OPINION

Nepal: A New Dawn and Some Scepticism

February 06, 2007
Rahul Bhonsle

Nepal - A New Constitution

The tensions over the draft interim constitution and forming a provisional government evident in the first fortnight of the month were rapidly diffused. The 330 member interim parliament began its inaugural session on 15 January at Kathmandu.

The composition of the parliament included 83 members from the Communist Party of Nepal-Maoists (CPN-M). The Maoists were set to join the government after completion of process of deposition of arms by end January under United Nations supervision. The interim house will be subsequently replaced by a Constituent Assembly with elections being held in June.

The key Maoist leaders including Prachanda, Baburam Bhattari, Badal, CP Gakurel and Mohan Vaidya chose to remain out of the government with Krishna Bahadur Mahara nominated as the new leader of the Party in the House and is likely to be the Deputy Prime Minister. Maoists conceded the posts of the Speaker and the Deputy Speaker to the current incumbents based on their stellar performance in restoring the annulled house.

The speed with which the process of politicization has been undertaken in Nepal needs consideration. The House of Representatives was revived on 2 May 2006 and drafting of a new interim constitution undertaken. A comprehensive peace agreement or CPA was drafted between the Seven Party Alliance and the Maoists on 21 November. The Constitution was finalized and adopted on 15 January in the morning by the old House of Representatives and the new house met for the first time in the afternoon on the same day. Under the interim Constitution, the Prime Minister is to have dual powers of executive and head of state.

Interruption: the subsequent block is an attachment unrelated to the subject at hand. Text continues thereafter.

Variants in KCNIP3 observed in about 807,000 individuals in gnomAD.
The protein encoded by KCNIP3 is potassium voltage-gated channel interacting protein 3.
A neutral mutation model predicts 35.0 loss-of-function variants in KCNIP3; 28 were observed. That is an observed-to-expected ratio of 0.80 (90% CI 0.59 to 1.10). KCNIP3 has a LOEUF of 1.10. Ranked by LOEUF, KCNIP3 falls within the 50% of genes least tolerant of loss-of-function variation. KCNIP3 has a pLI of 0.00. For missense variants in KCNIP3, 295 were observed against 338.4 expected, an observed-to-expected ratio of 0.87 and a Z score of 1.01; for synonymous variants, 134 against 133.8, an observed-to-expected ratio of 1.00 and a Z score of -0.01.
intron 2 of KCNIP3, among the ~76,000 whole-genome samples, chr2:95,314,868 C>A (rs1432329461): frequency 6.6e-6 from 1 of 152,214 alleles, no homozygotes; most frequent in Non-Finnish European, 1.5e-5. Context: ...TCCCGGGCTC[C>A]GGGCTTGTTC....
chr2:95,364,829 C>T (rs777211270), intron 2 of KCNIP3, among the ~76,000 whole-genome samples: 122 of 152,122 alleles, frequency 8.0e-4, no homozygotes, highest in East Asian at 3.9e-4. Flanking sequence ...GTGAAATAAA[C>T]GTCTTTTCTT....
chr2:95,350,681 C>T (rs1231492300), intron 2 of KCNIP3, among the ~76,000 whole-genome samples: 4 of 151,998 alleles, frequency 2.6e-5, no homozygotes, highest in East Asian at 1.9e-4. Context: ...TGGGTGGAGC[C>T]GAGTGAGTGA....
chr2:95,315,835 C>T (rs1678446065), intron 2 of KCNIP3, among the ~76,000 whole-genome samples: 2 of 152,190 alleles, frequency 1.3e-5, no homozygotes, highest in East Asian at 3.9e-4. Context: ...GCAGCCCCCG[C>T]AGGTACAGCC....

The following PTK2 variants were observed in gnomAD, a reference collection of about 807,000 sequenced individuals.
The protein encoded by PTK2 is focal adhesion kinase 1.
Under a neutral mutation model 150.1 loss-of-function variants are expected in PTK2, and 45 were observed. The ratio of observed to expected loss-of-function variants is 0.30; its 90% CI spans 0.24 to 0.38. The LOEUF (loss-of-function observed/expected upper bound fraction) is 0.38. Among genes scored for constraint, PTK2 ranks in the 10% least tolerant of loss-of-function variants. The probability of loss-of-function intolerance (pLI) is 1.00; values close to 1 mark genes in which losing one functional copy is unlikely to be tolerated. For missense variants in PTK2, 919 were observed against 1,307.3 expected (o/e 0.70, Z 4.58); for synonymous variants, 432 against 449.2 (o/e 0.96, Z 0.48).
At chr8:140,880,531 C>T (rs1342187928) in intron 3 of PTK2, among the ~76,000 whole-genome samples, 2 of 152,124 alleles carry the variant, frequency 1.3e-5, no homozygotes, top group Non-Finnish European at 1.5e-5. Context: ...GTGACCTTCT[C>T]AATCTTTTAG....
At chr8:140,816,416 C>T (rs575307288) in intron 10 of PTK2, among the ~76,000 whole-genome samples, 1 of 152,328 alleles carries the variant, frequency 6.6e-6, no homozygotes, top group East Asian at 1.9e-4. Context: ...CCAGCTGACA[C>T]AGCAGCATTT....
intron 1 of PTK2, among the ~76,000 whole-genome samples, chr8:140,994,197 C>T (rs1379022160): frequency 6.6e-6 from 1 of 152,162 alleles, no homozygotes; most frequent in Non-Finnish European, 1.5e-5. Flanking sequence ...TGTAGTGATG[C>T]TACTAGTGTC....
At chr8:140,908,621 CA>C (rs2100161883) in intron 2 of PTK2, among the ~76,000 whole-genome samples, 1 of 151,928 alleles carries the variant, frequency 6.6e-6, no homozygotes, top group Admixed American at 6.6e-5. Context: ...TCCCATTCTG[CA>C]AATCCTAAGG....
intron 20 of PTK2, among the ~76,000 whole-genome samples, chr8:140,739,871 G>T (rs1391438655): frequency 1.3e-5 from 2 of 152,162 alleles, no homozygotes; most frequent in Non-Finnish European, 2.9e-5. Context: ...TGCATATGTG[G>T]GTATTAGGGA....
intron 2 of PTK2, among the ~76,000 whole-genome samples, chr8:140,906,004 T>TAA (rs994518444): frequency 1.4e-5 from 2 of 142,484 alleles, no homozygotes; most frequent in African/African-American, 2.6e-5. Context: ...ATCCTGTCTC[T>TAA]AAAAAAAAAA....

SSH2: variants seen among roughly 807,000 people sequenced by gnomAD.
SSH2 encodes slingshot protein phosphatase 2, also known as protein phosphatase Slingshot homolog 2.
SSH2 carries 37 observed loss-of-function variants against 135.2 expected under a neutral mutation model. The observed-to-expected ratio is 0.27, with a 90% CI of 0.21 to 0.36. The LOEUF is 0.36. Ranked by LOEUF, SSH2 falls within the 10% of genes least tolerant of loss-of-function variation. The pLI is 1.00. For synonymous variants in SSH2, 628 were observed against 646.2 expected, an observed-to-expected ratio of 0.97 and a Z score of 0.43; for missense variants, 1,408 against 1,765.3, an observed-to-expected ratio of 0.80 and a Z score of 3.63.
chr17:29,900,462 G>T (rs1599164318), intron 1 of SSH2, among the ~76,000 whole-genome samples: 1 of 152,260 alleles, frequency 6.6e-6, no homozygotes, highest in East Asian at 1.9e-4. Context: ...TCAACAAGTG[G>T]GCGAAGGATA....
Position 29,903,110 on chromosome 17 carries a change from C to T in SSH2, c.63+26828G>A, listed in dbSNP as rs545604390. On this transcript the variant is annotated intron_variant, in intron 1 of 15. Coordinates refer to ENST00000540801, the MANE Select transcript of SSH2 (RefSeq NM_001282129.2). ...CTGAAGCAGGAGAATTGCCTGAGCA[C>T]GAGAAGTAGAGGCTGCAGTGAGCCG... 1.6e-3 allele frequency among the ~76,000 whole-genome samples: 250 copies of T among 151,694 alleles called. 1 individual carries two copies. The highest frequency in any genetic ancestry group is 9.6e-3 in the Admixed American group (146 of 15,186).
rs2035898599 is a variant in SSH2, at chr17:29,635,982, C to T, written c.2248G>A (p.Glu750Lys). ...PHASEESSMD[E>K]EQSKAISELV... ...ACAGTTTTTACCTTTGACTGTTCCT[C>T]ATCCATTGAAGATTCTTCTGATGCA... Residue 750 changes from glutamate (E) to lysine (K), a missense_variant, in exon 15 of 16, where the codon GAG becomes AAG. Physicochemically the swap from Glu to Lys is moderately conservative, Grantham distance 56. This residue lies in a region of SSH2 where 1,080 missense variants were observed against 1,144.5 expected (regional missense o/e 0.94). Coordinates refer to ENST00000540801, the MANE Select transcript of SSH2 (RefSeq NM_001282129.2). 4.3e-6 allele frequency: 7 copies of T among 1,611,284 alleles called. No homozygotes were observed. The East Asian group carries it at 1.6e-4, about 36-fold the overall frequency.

The power struggle by the Maoists which started in Rolpa in February 1996 seems to have culminated with a power sharing arrangement in less than eleven years in January 2007.

The cost of the revolution has been over 13,000 dead. Nepal's polity despite the unification denoted in acceptance of the interim constitution remains fractious. The royalists though marginalized for the time being continue to hold sway over public opinion which can raise an ugly head at some time in the future. Rumblings were already evident with the Rashtriya Prajatantra Party leaders dissatisfied due to lack of discussion on the interim constitution before the assembly.

Distribution of power within the seven party alliance and between the SPA and the communists could result in a struggle in the future. The growing discontentment amongst Maoist cadres is another issue which needs to be addressed by the central leadership.


Terai and Hill Divide

Another violent wave and civic unrest in Nepal was evident with the rise of the Madhesis. Violence between the Maoist rebels and locals belonging to the MJF broke out in some areas such as the Siraha district on 21 January. when communist rebels are said to have opened fire killing one person. This was followed by police firing in Lahan where two people were reportedly killed. This is part of the division between the people of the hills and the plains or the Terai who are complaining of discrimination.

Madhesis allege discrimination and launched an agitation which followed immediately after the interim constitution came into being. The Madhesis called for a general strike in Southern Nepal which virtually paralyzed movement in the country given that all activity from the South is undertaken through the Madhesi dominated area.